Ali al-Hussain Ibn Abdallah Ibn Sina was born in 980 A.D. in Balkh, Afghanistan. The young Abu Ali received his early education in Bukhara, and by the age of ten had become well versed in the study of the Qur'an and various sciences. He started studying philosophy by reading various Greek, Muslim and other books on this subject and learnt logic and some other subjects from Abu Abdallah Natili, a famous philosopher of the time. While still young, he attained such a degree of expertise in medicine that his renown spread far and wide. At the age of 17, he was fortunate in curing Nooh Ibn Mansoor, the King of Bukhhara, of an illness in which all the well-known physicians had given up hope. On his recovery, the King wished to reward him, but the young physician only desired permission to use his uniquely stocked library. On his father's death, Bu Ali left Bukhara and travelled to Jurjan where Khawarizm Shah welcomed him. There, he met his famous contemporary Abu Raihan al-Biruni. Later he moved to Ray and then to Hamadan, where he wrote his famous book Al-Qanun fi al-Tibb. Here he treated Shams al-Daulah, the King of Hamadan, for severe colic. From Hamadan, he moved to Isphahan, where he completed many of his monumental writings. Nevertheless, he continued travelling and the excessive mental exertion as well as political turmoil spoilt his health. Finally, he returned to Hamadan where he died in 1037 A.D. He was the most famous physician, philosopher, encyclopaedist, mathematician and astronomer of his time. His major contribution to medical science was his famous book al-Qanun, known as the "Canon" in the West. The Qanun fi al-Tibb is an immense encyclo- paedia of medicine extending over a million words. It surveyed the entire medical knowledge available from ancient and Muslim sources. Due to its systematic approach, "formal perfection as well as its intrinsic value, the Qanun superseded Razi's Hawi, Ali Ibn Abbas's Maliki, and even the works of Galen, and remained supreme for six centuries". In addition to bringing together the then available knowledge, the book is rich with the author's original eontribution. His important original contribution includes such advances as recognition of the contagious nature of phthisis and tuberculosis; distribution of diseases by water and soil, and interaction between psychology and health. In addition to describing pharmacological methods, the book described 760 drugs and became the most authentic materia medica of the era. He was also the first to describe meningitis and made rich contributions to anatomy, gynaecology and child health. His philosophical encyclopaedia Kitab al-Shifa was a monu- mental work, embodying a vast field of knowledge from philosophy to science. He classified the entire field as follows: theoretical knowledge: physics, mathematics and metaphysics; and practical knowledge: ethics, economics and politics. His philosophy synthesises Aristotelian tradition, Neoplatonic influences and Muslim theology. Ibn Sina also contributed to mathematics, physics, music and other fields. He explained the "casting out of nines" and its applica- tion to the verification of squares and cubes. He made several astronomical observations, and devised a contrivance similar to the vernier, to increase the precision of instrumental readings. In physics, his contribution comprised the study of different forms of energy, heat, light and mechanical, and such concepts as force, vacuum and infinity. He made the important observation that if the perception of light is due to the emission of some sort of particles by the luminous source, the speed of light must be finite. He propounded an interconnection between time and motion, and also made investigations on specific gravity and used an air thermo- meter. In the field of music, his contribution was an improvement over Farabi's work and was far ahead of knowledge prevailing else- where on the subject. Doubling with the fourth and fifth was a 'great' step towards the harmonic system and doubling with the third seems to have also been allowed. Ibn Sina observed that in the series of consonances represented by (n + 1)/n, the ear is unable to distinguish them when n = 45. In the field of chemistry, he did not believe in the possibility of chemical transmutation because, in his opinion, the metals differed in a fundamental sense. These views were radically opposed to those prevailing at the time. His treatise on minerals was one of the "main" sources of geology of the Christian encyclopaedists of the thirteenth century. Besides Shifa his well-known treatises in philosophy are al-Najat and Isharat.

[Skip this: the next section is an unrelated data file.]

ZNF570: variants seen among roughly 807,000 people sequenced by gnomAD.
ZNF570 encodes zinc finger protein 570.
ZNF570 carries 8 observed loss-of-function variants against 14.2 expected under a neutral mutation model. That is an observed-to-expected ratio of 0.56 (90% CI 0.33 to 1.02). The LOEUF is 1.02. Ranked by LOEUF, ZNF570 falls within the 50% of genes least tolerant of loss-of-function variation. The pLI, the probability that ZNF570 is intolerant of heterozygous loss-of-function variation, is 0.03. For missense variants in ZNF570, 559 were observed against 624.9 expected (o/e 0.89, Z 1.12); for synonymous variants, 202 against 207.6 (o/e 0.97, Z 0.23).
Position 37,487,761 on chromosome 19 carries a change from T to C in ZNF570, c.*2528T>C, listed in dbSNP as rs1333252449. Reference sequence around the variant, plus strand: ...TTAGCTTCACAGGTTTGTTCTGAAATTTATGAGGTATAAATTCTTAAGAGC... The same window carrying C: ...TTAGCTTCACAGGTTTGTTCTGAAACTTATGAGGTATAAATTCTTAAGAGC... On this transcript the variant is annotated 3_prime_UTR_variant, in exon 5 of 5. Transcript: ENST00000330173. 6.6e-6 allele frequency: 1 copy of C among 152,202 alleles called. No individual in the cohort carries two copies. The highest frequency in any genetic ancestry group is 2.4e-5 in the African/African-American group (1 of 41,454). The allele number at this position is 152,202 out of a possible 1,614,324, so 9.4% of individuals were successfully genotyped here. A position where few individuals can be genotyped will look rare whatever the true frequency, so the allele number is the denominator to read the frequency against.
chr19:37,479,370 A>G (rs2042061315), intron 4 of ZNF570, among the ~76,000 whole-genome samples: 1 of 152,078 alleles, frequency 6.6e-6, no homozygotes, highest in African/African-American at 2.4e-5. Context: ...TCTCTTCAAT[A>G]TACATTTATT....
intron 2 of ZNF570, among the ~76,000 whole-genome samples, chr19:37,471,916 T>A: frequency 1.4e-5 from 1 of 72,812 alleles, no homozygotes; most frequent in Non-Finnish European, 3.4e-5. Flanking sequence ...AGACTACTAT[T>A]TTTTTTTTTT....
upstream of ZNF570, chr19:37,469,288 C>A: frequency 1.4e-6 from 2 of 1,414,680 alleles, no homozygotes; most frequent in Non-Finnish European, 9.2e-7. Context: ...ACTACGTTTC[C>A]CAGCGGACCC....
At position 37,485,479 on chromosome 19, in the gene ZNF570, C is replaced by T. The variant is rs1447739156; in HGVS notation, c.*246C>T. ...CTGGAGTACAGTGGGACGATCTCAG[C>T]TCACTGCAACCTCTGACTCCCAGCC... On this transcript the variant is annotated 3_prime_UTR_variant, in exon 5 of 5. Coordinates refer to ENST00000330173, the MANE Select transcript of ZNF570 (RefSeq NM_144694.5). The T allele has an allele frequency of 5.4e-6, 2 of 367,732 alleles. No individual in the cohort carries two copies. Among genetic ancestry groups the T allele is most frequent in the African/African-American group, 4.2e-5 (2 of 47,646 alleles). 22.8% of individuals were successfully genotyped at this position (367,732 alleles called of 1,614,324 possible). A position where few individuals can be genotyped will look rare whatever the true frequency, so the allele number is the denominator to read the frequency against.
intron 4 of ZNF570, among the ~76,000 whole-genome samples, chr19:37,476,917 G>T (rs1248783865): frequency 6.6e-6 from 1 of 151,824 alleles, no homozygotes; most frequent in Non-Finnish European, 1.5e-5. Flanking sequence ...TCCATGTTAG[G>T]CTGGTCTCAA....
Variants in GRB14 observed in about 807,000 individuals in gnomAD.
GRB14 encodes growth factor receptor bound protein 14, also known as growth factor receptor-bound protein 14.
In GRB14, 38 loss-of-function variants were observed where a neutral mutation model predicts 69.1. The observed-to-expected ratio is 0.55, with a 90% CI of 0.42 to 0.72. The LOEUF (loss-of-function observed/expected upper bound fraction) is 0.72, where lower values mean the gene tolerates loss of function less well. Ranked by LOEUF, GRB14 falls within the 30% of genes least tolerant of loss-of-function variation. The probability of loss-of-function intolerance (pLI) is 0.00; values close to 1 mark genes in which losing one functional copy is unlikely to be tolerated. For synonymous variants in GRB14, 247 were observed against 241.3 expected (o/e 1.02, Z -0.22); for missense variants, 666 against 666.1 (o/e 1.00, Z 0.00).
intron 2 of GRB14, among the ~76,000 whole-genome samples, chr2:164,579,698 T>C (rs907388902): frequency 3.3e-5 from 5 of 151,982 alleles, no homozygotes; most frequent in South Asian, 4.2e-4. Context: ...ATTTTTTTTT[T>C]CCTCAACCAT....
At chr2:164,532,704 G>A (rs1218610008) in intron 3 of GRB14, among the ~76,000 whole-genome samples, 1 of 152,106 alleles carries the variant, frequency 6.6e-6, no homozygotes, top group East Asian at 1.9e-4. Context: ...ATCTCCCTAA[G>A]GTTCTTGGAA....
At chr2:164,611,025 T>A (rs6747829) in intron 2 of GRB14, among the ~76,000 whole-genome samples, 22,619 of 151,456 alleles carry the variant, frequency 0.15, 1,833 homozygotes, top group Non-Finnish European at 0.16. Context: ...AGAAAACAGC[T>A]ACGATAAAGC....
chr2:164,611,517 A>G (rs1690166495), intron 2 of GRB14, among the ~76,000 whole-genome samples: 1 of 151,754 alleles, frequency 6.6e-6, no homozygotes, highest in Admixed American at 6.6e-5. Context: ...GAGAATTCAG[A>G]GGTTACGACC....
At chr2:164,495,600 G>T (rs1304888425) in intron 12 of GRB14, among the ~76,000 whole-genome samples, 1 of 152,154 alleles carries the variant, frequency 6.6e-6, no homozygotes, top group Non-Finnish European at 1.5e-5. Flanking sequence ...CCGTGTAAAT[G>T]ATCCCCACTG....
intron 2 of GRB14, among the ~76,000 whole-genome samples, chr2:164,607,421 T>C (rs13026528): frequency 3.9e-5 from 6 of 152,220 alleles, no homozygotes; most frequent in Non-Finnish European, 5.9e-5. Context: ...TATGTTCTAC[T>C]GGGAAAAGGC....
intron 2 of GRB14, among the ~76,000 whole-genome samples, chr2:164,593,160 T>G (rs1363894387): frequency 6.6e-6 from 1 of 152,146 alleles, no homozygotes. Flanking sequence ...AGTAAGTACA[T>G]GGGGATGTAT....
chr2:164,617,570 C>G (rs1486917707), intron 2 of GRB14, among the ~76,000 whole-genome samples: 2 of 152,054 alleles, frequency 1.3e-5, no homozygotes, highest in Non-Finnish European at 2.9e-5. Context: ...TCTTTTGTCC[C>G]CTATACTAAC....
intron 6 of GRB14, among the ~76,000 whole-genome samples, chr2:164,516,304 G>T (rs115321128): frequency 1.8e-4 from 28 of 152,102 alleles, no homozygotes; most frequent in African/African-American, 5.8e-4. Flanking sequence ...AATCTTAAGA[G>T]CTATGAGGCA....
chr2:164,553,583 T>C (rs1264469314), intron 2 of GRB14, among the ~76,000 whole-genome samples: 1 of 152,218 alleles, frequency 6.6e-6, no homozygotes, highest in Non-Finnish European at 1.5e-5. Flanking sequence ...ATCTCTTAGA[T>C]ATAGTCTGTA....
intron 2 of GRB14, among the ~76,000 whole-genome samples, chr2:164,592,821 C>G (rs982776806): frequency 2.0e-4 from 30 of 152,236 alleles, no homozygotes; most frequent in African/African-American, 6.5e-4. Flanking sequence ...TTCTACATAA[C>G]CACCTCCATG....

Mahmud was the son of a Turkish slave, who in 977 became ruler of Ghazna. When Mahmud ascended the throne in 998 at the age of 27, he already showed remarkable administrative ability and statesmanship. At the time of his accession, Ghazna was a small kingdom. The young and ambitious Mahmud aspired to be a great monarch, and in more than 20 successful expeditions he amassed the wealth with which to lay the foundation of a vast empire that eventually included Kashmir, the Punjab, and a great part of Iran. During the first two years of his reign Mahmud consolidated his position in Ghazna. Though an independent ruler, for political reasons he gave nominal allegiance to the 'Abbasid caliph in Baghdad, and the caliph, in return, recognized him as the legitimate ruler of the lands he occupied and encouraged him in his conquests. Mahmud is said to have vowed to invade India once a year and, in fact, led about 17 such expeditions. The first large-scale campaign began in 1001 and the last ended in 1026. The first expeditions were aimed against the Punjab and northeastern India, while in his last campaign Mahmud reached Somnath on the southern coast of Gujarat. His chief antagonist in northern India was Jaipal, the ruler of the Punjab. When, in 1001, Mahmud marched on India at the head of 15,000 horse troops, Jaipal met him with 12,000 horse troops, 30,000 foot soldiers, and 300 elephants. In a battle near Peshawar the Indians, though superior in numbers and equipment, fell back under the onslaught of the Muslim horse, leaving behind 15,000 dead. After falling into the hands of the victors, Jaipal, with 15 of his relatives and officers, was finally released. But the Raja could not bear his defeat, and after abdicating in favour of his son, Anandpal, he mounted his own funeral pyre and perished in the flames. Anandpal appealed to the other Indian rajas for help. Some replied in person, others sent armies. The Indian women sold their jewels to finance a huge army. When, at last, in 1008, Mahmud met the formidable force thus raised, the two armies lay facing each other between Und and Peshawar for 40 days. The Sultan finally succeeded in enticing the Indians to attack him. A force of 30,000 Khokars, a fierce, primitive tribe, charged both flanks of the Sultan's army with such ferocity that Mahmud was about to call a retreat. But at this critical moment Anandpal's elephant, panic-stricken, took flight. The Indians, believing that their leader was turning tail, fled from the battlefield strewn with their dead and dying. This momentous victory facilitated Mahmud's advance into the heart of India. After annexing the Punjab, and returning with immense booty, the Sultan set about to transform Ghazna into a great centre of art and culture. He patronized scholars, established colleges, laid out gardens, and built mosques, palaces, and caravansaries. Mahmud's example was followed by his nobles and courtiers, and Ghazna soon was transformed into the most brilliant cultural centre in Central Asia. In 1024 the Sultan set out on his last famous expedition to the southern coast of Kathiawar along the Arabian Sea, where he sacked the city of Somnath and its renowned Hindu temple. Mahmud returned home in 1026. The last years of his life he spent in fighting the Central Asian tribes threatening his empire.